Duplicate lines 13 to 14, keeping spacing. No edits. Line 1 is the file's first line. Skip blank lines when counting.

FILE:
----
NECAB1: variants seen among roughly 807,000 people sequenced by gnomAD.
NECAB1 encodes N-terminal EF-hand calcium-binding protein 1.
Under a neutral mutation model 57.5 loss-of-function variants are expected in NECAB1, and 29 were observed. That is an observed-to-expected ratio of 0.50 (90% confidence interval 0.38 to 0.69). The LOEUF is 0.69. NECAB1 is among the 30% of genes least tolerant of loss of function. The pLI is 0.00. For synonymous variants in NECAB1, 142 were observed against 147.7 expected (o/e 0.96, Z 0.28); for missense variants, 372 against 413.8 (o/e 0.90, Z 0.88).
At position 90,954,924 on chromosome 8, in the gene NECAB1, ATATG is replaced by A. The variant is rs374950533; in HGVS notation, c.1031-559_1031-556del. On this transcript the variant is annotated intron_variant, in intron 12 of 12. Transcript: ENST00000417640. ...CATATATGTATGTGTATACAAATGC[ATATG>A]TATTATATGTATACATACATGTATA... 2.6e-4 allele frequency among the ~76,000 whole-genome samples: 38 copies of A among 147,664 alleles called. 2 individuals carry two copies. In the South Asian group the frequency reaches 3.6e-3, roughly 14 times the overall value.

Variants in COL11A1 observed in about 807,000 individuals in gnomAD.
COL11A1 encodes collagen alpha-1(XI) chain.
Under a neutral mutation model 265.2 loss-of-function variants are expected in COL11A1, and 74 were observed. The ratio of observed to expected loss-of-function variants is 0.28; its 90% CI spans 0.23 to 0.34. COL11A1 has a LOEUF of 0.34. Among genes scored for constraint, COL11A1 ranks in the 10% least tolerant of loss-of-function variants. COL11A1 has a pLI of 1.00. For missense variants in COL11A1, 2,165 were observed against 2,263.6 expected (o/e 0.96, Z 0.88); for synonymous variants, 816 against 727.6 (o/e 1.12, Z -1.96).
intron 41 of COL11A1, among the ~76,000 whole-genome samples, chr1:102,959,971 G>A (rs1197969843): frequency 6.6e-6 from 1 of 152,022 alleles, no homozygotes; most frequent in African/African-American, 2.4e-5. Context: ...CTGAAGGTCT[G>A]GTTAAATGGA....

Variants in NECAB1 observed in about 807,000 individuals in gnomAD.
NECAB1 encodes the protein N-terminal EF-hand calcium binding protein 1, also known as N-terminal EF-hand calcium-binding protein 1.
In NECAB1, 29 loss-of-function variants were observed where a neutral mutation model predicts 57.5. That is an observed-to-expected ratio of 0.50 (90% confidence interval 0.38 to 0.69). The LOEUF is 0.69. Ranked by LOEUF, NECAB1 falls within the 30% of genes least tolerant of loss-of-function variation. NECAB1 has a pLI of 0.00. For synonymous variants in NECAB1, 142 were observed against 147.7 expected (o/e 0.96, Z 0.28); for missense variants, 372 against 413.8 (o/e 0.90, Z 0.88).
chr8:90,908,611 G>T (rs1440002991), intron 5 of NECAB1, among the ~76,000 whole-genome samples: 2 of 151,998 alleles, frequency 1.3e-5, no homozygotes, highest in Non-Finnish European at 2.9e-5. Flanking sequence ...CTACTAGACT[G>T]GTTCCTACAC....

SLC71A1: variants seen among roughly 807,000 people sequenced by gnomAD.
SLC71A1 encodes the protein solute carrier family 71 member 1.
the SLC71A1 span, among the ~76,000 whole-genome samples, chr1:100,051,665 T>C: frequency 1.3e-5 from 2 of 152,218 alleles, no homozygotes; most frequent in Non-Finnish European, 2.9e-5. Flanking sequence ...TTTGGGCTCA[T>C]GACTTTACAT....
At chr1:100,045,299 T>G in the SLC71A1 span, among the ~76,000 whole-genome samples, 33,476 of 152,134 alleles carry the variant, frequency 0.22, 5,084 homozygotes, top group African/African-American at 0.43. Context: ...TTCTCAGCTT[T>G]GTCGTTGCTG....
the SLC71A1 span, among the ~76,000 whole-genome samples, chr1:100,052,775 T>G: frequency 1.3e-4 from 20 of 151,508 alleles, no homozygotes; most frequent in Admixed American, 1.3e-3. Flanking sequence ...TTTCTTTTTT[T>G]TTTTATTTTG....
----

SLC71A1: variants seen among roughly 807,000 people sequenced by gnomAD.
SLC71A1 encodes the protein solute carrier family 71 member 1.